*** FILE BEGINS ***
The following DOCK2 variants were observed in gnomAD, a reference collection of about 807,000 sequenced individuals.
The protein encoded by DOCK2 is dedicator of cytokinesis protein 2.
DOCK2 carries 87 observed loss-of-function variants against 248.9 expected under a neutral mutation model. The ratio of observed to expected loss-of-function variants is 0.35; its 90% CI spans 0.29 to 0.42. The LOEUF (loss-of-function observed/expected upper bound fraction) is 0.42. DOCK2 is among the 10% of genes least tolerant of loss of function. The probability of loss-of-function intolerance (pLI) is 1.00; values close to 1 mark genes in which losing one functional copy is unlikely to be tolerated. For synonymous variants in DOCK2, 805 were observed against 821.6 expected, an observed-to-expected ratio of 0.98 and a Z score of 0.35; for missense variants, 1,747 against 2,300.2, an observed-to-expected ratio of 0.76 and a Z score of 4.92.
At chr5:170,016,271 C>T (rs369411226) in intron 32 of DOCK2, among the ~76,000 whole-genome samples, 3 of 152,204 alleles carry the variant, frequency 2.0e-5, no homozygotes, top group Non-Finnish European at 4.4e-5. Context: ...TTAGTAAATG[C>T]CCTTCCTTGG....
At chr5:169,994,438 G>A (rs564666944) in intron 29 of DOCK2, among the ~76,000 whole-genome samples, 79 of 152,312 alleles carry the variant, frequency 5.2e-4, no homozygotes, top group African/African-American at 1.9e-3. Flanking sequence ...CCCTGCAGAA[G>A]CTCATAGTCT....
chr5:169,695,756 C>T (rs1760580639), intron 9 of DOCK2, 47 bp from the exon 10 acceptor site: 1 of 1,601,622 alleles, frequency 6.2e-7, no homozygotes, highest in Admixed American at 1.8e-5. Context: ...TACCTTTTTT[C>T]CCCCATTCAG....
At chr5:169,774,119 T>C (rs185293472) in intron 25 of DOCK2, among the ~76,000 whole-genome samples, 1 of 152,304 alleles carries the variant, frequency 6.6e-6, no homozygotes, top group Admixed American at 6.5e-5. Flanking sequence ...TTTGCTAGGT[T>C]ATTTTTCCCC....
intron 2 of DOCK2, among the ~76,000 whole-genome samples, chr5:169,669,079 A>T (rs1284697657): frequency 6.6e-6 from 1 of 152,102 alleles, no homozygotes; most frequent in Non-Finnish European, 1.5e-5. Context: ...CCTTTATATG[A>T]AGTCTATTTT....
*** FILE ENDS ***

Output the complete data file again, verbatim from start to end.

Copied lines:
The following DOCK2 variants were observed in gnomAD, a reference collection of about 807,000 sequenced individuals.
The protein encoded by DOCK2 is dedicator of cytokinesis protein 2.
DOCK2 carries 87 observed loss-of-function variants against 248.9 expected under a neutral mutation model. The ratio of observed to expected loss-of-function variants is 0.35; its 90% CI spans 0.29 to 0.42. The LOEUF (loss-of-function observed/expected upper bound fraction) is 0.42. DOCK2 is among the 10% of genes least tolerant of loss of function. The probability of loss-of-function intolerance (pLI) is 1.00; values close to 1 mark genes in which losing one functional copy is unlikely to be tolerated. For synonymous variants in DOCK2, 805 were observed against 821.6 expected, an observed-to-expected ratio of 0.98 and a Z score of 0.35; for missense variants, 1,747 against 2,300.2, an observed-to-expected ratio of 0.76 and a Z score of 4.92.
At chr5:170,016,271 C>T (rs369411226) in intron 32 of DOCK2, among the ~76,000 whole-genome samples, 3 of 152,204 alleles carry the variant, frequency 2.0e-5, no homozygotes, top group Non-Finnish European at 4.4e-5. Context: ...TTAGTAAATG[C>T]CCTTCCTTGG....
At chr5:169,994,438 G>A (rs564666944) in intron 29 of DOCK2, among the ~76,000 whole-genome samples, 79 of 152,312 alleles carry the variant, frequency 5.2e-4, no homozygotes, top group African/African-American at 1.9e-3. Flanking sequence ...CCCTGCAGAA[G>A]CTCATAGTCT....
chr5:169,695,756 C>T (rs1760580639), intron 9 of DOCK2, 47 bp from the exon 10 acceptor site: 1 of 1,601,622 alleles, frequency 6.2e-7, no homozygotes, highest in Admixed American at 1.8e-5. Context: ...TACCTTTTTT[C>T]CCCCATTCAG....
At chr5:169,774,119 T>C (rs185293472) in intron 25 of DOCK2, among the ~76,000 whole-genome samples, 1 of 152,304 alleles carries the variant, frequency 6.6e-6, no homozygotes, top group Admixed American at 6.5e-5. Flanking sequence ...TTTGCTAGGT[T>C]ATTTTTCCCC....
intron 2 of DOCK2, among the ~76,000 whole-genome samples, chr5:169,669,079 A>T (rs1284697657): frequency 6.6e-6 from 1 of 152,102 alleles, no homozygotes; most frequent in Non-Finnish European, 1.5e-5. Context: ...CCTTTATATG[A>T]AGTCTATTTT....